Juventus have set up in 3-5-2, 4-3-3 and 4-3-1-2 formations this season and haven’t started with the same eleven for two matches in a row. They have, on average, made four changes per game this season, which clearly points to the fact Allegri is yet to settle on his preferred eleven and consequently, a winning formula.

Injuries and new signings adapting to their new surroundings haven’t helped Juve’s cause but with games coming thick and fast at this stage of the season, experiments have only led to more negativity for the Old Lady amid a string of poor results.

The likes of Claudio Marchisio, Alvaro Morata, Kwadwo Asamoah, Sami Khedira, Mario Mandzukic and Stephan Lichtsteiner have spent time on the treatment table which has also limited Allegri’s possibilities, and as a result, has seen him shuffle packs in search of the perfect combination.

Another cause for worry is the efficiency of Juve’s attacks. This season, they have managed to hit more shots as compared to last season, but their shots to goals conversion is one of the worst in the division this season. Juventus have averaged a shot conversion rate of only 24 percent this season, down from 34 percent in 2014/15.

Coming back to Chelsea, the Blues under the normally canny Mourinho have been on the wrong end of some unexpected results this season, and have looked more disjointed than a proper relegation fodder team. Which isn’t exactly the look of a Mourinho team.

Last season’s champions have let in the second highest number of goals this season, and are now only a goal away from matching their league record 15 goals conceded in the 2004/05 season — a damning indictment of their current situation only seven games into the campaign.

This season, Chelsea have conceded 2 goals per game, which is a steep rise from their 0.84 per game last term, while they have also conceded 3 more shots per game on goal this season compared to last season. None of the top teams have been as porous as Chelsea this season, which further brings us to question the disappointing midfield screen of the Blues which was so effective last season.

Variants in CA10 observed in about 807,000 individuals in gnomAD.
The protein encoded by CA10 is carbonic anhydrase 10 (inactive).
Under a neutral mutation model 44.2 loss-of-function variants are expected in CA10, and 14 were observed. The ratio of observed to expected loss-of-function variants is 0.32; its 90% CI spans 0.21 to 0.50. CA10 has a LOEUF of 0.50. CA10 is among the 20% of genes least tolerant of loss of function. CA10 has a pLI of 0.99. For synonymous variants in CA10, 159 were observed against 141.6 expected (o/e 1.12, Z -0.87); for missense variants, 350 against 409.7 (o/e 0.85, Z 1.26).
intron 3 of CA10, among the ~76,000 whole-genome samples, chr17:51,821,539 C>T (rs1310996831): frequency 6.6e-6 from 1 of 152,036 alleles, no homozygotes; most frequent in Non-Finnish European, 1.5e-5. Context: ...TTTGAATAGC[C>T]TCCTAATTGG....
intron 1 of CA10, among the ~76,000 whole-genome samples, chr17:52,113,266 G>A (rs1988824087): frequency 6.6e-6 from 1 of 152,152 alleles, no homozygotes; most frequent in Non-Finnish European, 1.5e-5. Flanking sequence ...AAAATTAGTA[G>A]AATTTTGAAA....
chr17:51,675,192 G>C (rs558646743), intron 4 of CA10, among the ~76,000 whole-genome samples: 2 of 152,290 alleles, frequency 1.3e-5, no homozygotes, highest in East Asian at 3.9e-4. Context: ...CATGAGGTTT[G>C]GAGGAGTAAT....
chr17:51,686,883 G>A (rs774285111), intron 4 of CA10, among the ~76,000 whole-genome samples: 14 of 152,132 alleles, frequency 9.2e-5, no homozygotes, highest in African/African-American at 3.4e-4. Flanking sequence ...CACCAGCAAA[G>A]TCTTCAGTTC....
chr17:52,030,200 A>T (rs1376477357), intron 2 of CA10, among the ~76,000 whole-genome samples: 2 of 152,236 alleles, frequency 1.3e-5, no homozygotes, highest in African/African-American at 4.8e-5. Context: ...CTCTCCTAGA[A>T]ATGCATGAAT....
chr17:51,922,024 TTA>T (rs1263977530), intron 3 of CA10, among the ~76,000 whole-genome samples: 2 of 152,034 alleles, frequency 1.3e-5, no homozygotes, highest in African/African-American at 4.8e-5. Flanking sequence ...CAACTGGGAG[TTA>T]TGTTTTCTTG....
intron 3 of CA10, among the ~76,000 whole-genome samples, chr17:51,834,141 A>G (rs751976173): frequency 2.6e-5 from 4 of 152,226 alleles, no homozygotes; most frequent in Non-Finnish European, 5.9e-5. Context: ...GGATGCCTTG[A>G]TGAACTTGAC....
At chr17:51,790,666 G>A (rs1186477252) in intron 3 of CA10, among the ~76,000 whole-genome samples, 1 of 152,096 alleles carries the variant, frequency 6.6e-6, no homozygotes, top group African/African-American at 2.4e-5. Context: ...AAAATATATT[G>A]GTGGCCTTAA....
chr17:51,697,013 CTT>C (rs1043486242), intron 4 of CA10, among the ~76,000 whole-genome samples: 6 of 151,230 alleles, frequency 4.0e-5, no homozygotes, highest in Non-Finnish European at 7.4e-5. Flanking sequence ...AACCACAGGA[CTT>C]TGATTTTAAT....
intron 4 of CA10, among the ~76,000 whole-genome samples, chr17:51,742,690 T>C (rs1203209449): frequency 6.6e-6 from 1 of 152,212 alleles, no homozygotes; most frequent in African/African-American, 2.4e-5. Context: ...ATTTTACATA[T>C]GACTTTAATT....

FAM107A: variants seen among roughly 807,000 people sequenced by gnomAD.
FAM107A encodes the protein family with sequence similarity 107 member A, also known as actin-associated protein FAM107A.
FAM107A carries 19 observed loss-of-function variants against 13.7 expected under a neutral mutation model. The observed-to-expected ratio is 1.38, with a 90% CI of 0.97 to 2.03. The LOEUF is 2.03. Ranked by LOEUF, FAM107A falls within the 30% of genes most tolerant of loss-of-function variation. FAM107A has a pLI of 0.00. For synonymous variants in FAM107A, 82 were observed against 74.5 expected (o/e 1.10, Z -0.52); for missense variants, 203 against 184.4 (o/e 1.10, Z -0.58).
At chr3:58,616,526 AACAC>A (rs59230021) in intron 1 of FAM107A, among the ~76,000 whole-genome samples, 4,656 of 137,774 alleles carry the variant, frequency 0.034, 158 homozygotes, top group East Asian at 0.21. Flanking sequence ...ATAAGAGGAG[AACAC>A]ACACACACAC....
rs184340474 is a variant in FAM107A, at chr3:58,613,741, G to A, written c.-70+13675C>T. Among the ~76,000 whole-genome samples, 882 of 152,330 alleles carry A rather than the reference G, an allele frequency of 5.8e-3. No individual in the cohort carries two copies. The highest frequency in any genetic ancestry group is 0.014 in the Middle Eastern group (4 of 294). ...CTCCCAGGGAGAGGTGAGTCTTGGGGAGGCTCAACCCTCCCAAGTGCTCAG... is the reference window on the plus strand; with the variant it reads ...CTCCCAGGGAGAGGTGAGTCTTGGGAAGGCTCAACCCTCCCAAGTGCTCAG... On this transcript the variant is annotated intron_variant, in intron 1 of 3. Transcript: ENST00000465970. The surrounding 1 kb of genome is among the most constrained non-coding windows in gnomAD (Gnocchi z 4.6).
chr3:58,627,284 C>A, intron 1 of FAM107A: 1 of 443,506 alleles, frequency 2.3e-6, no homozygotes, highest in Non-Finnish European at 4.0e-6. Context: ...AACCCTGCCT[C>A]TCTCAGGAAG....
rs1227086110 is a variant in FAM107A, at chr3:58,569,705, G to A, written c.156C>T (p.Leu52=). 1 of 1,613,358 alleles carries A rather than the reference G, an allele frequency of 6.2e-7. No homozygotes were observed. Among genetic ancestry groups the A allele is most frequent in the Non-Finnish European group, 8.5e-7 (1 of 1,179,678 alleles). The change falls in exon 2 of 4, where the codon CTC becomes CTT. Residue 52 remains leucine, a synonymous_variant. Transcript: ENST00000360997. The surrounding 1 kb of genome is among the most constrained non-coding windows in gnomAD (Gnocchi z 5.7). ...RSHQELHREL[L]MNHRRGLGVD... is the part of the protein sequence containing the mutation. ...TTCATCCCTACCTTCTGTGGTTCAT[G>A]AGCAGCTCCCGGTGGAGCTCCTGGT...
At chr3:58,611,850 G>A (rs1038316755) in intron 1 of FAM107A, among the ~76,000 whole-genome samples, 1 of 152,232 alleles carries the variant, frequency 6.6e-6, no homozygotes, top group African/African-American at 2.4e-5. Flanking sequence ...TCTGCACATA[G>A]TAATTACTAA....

Fatigue couldn’t be factored in as an excuse for these are early days, and neither could the luck with injuries and suspensions as both clubs have had a two-month long window to address the issues within their squads and be better prepared for the eventualities of a challenging season.

On the back of both Chelsea and Juventus’ good starts to their respective European campaigns, it is looking increasingly likely that should their league fortunes not turn for the good, they will focus all their energy and resources to turn their Champions League runs into memorable ones.

But with the state of affairs of both England and Italy in the continent and the supposed widening of the gap between them and the bigger elites like Barcelona, Real Madrid and Bayern Munich, there isn’t much guarantee in Europe as well.

Even if these are early days, the continued struggles bode poorly for the two clubs, and the sooner they can sort out their troubles, the better it will be. Until then, it’s all doom and gloom, and lots of stuff for newspapers to fill pages. Chelsea and Juventus are still up there among the bookies’ favourites as title challengers, but that is something which won’t remain the status quo for long.

While not an awful lot has favoured Chelsea and Juventus ranging from transfer market mistakes to injuries and suspensions and even poor personnel selections to the questionable form of the influential players, they at least have the class to make their fans believe anything is possible, despite their stop-start campaigns thus far.

But should the rot continue for too long, both Chelsea and Juve might well bid goodbye to their title challenges, as the fallen champions.